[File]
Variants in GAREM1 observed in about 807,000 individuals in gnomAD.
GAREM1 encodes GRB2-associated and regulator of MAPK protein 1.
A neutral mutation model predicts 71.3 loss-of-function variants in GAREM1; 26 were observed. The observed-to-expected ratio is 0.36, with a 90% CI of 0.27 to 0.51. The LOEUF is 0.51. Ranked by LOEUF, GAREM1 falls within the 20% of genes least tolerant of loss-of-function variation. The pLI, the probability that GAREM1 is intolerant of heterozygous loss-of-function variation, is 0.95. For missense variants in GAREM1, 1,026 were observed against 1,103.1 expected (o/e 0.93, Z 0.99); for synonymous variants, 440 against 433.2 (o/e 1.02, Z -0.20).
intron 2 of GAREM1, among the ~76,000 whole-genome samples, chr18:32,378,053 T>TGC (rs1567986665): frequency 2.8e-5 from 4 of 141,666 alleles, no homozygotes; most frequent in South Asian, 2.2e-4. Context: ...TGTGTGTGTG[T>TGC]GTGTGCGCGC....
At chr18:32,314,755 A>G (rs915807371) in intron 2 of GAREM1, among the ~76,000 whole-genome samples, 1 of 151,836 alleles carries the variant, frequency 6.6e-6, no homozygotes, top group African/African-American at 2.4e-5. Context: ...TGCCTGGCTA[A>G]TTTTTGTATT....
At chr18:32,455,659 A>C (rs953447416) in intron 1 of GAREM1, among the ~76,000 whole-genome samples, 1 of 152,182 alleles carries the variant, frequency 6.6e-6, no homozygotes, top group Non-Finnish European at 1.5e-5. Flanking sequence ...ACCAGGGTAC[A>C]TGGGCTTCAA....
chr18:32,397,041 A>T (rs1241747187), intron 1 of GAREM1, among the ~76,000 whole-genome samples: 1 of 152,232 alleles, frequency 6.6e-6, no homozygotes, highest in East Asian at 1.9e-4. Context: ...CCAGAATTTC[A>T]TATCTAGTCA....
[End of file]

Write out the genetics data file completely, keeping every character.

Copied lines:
Variants in GAREM1 observed in about 807,000 individuals in gnomAD.
GAREM1 encodes GRB2-associated and regulator of MAPK protein 1.
A neutral mutation model predicts 71.3 loss-of-function variants in GAREM1; 26 were observed. The observed-to-expected ratio is 0.36, with a 90% CI of 0.27 to 0.51. The LOEUF is 0.51. Ranked by LOEUF, GAREM1 falls within the 20% of genes least tolerant of loss-of-function variation. The pLI, the probability that GAREM1 is intolerant of heterozygous loss-of-function variation, is 0.95. For missense variants in GAREM1, 1,026 were observed against 1,103.1 expected (o/e 0.93, Z 0.99); for synonymous variants, 440 against 433.2 (o/e 1.02, Z -0.20).
intron 2 of GAREM1, among the ~76,000 whole-genome samples, chr18:32,378,053 T>TGC (rs1567986665): frequency 2.8e-5 from 4 of 141,666 alleles, no homozygotes; most frequent in South Asian, 2.2e-4. Context: ...TGTGTGTGTG[T>TGC]GTGTGCGCGC....
At chr18:32,314,755 A>G (rs915807371) in intron 2 of GAREM1, among the ~76,000 whole-genome samples, 1 of 151,836 alleles carries the variant, frequency 6.6e-6, no homozygotes, top group African/African-American at 2.4e-5. Context: ...TGCCTGGCTA[A>G]TTTTTGTATT....
At chr18:32,455,659 A>C (rs953447416) in intron 1 of GAREM1, among the ~76,000 whole-genome samples, 1 of 152,182 alleles carries the variant, frequency 6.6e-6, no homozygotes, top group Non-Finnish European at 1.5e-5. Flanking sequence ...ACCAGGGTAC[A>C]TGGGCTTCAA....
chr18:32,397,041 A>T (rs1241747187), intron 1 of GAREM1, among the ~76,000 whole-genome samples: 1 of 152,232 alleles, frequency 6.6e-6, no homozygotes, highest in East Asian at 1.9e-4. Context: ...CCAGAATTTC[A>T]TATCTAGTCA....